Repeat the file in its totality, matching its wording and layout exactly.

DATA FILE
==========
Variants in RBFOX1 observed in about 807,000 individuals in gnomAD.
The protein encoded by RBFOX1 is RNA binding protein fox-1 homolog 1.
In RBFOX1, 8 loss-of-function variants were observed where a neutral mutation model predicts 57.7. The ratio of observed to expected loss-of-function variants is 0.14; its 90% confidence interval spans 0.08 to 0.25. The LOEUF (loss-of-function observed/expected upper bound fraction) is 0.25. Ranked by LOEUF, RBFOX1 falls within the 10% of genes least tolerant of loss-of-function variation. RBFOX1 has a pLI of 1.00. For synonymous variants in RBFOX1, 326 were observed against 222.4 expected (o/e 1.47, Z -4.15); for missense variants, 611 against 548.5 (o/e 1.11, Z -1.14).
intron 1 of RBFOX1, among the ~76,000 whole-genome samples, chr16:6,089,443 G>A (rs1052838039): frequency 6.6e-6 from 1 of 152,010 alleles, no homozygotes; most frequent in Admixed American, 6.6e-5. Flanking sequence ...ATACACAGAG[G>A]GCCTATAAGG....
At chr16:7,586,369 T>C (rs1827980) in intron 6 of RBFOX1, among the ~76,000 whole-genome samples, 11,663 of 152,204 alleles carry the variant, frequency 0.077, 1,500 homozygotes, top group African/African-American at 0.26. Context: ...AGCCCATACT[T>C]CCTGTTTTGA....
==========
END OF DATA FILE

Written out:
Variants in RBFOX1 observed in about 807,000 individuals in gnomAD.
The protein encoded by RBFOX1 is RNA binding protein fox-1 homolog 1.
In RBFOX1, 8 loss-of-function variants were observed where a neutral mutation model predicts 57.7. The ratio of observed to expected loss-of-function variants is 0.14; its 90% confidence interval spans 0.08 to 0.25. The LOEUF (loss-of-function observed/expected upper bound fraction) is 0.25. Ranked by LOEUF, RBFOX1 falls within the 10% of genes least tolerant of loss-of-function variation. RBFOX1 has a pLI of 1.00. For synonymous variants in RBFOX1, 326 were observed against 222.4 expected (o/e 1.47, Z -4.15); for missense variants, 611 against 548.5 (o/e 1.11, Z -1.14).
intron 1 of RBFOX1, among the ~76,000 whole-genome samples, chr16:6,089,443 G>A (rs1052838039): frequency 6.6e-6 from 1 of 152,010 alleles, no homozygotes; most frequent in Admixed American, 6.6e-5. Flanking sequence ...ATACACAGAG[G>A]GCCTATAAGG....
At chr16:7,586,369 T>C (rs1827980) in intron 6 of RBFOX1, among the ~76,000 whole-genome samples, 11,663 of 152,204 alleles carry the variant, frequency 0.077, 1,500 homozygotes, top group African/African-American at 0.26. Context: ...AGCCCATACT[T>C]CCTGTTTTGA....